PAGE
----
UP gasping for breath
UP is gasping for breath yet again. Most of the major cities are reeling under ‘very poor’ air quality. Ghaziabad, with an average Air Quality Index (AQI) of 394, topped the list. In Noida, Greater Noida, Baghpat, Kanpur and Varanasi, the AQI has been languishing in the range of 300 to 400. Even Lucknow has been breathing foul air, with the AQI hovering around 297. It is believed that rampant vehicular and industrial emissions have rendered the air unworthy of inhaling. It is a trail continuing since October and there has not been a single day when the AQI was recorded below 100, which is considered ‘good’.
Bareilly finds its ‘Jhumka’
The ‘jhumka’ (earring), made famous by Sadhna, the Bollywood craze of the 60s, which had been lost in the bazaars of Bareilly, has reclaimed its pride of place. A huge custom-made replica of the earring, made of brass, is being installed at a roundabout in Parsa Khera zero point of Lucknow to draw more visitors to the City of Nawabs. Once a popular accessory for women, the ‘jhumka’ became synonymous with peppy number ‘Jhumka Gira Re’ from the film ‘Mera Saya’ in 1966. The district administration hit upon this idea to cash in on the popularity of this song. While the custom-made jhumka has been installed on a platform at a prominent roundabout in the city, work on a selfie point is still underway.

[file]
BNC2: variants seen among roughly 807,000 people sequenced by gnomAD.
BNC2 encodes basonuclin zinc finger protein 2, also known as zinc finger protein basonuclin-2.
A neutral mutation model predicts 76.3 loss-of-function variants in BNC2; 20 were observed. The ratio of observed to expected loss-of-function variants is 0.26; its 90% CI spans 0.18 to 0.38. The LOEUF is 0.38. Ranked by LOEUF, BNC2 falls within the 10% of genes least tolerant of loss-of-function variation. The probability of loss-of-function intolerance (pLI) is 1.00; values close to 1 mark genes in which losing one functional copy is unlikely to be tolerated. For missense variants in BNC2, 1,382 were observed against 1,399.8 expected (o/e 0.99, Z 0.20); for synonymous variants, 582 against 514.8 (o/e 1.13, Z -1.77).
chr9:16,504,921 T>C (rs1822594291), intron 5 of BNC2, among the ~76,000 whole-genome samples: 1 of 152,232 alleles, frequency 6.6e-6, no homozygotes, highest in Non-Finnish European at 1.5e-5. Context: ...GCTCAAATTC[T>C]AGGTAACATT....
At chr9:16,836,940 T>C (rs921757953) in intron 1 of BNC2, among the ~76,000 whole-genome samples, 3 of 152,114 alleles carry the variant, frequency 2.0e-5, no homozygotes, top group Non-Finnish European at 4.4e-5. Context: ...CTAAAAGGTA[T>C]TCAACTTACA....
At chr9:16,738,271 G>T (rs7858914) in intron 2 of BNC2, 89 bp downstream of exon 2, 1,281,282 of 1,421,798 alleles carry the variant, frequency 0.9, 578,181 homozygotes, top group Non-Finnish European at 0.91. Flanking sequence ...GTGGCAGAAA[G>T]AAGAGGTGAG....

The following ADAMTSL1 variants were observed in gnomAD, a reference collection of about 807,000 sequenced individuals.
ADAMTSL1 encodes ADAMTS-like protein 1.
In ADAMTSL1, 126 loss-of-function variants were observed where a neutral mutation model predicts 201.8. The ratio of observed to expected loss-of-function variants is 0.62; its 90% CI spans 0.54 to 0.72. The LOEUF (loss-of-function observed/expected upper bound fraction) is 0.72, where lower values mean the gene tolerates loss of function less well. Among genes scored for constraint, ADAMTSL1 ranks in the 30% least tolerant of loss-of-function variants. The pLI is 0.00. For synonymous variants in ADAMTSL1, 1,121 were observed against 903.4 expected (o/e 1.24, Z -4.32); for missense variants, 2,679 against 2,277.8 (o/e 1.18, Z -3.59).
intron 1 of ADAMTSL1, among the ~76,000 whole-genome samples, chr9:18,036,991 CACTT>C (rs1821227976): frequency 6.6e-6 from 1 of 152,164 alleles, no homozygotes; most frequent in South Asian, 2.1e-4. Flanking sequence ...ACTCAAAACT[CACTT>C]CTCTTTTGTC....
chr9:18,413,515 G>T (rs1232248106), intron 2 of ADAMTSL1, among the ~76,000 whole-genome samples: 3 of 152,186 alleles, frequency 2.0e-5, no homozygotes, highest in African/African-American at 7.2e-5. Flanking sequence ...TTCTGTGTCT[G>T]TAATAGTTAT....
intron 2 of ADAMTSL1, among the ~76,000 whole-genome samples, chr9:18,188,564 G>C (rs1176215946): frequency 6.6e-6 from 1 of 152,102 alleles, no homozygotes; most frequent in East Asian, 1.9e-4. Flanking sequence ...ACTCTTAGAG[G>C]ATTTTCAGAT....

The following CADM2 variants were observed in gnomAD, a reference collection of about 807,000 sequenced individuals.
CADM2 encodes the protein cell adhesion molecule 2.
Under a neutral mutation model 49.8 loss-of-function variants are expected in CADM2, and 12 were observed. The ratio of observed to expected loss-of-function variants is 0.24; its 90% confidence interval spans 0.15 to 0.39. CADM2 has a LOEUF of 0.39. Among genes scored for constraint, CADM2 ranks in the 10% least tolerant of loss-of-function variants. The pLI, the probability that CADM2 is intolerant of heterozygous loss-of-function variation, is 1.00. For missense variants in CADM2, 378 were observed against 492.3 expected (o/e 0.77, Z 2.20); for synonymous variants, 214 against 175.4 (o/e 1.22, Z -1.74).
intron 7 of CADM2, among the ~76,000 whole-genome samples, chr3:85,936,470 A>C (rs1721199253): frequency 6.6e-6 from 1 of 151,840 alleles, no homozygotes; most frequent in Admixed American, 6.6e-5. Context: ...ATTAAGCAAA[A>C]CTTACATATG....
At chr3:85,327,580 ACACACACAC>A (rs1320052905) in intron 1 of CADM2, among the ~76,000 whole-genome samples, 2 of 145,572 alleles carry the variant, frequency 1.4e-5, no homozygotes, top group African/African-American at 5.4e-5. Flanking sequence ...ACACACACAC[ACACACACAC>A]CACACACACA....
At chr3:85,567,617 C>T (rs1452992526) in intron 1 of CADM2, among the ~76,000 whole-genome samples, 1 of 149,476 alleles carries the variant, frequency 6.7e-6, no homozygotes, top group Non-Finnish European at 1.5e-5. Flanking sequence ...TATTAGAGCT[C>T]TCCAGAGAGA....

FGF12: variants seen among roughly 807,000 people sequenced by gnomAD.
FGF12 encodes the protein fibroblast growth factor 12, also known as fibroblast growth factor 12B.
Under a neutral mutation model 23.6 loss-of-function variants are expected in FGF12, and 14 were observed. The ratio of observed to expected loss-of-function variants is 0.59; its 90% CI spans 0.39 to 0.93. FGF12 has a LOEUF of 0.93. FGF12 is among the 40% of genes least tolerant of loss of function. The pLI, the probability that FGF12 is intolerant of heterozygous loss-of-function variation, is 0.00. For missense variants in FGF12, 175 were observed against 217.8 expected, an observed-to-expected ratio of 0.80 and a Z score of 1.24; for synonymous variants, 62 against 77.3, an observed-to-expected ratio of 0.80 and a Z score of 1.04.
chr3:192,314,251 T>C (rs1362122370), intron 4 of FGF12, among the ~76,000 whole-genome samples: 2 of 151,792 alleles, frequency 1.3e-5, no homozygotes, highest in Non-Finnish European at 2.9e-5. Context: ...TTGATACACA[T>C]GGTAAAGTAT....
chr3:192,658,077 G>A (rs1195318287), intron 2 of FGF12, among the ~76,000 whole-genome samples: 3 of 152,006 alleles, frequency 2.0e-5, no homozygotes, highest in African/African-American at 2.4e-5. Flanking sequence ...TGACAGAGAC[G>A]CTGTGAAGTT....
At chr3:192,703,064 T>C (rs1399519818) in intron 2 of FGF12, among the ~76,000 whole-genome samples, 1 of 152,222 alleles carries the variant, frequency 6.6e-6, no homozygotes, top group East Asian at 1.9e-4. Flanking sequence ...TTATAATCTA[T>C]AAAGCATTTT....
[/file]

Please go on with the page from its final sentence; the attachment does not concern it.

Lucknow not a city, but a ‘soul’
Lucknow is not just a city, nor an idea. It is the soul that resides in every native and even in those who do not have Awadhi roots. This was the common refrain at a free-flowing discussion at a session titled ‘Lucknow Ek Khayal’ on the inaugural day of the Metaphor Literary Festival. The panellists — filmmaker Muzaffar Ali, actor-director Salim Arif and noted dialogue and script writer Javed Siddiqui — elaborated on the theme by sharing their experiences and anecdotes about Lucknow. The session was moderated by veteran actor-writer Atul Tiwari, a Lucknowite.
Hospital in soup after patient death
Family members of a patient, who underwent liver transplant at the King George’s Medical University in September and died recently, have asked the KGMU to return the money they spent in the procedure. In a letter to the vice-chancellor’s office, the family alleged that the patient died due to medical negligence by the staff. KGMU authorities claimed that the patient died after a heart attack. According to the letter, the report of the liver test conducted a day before the patient’s death had been normal. The family claimed that when they came for a follow-up procedure, the medical staff did not pay attention.
Our correspondent in Uttar Pradesh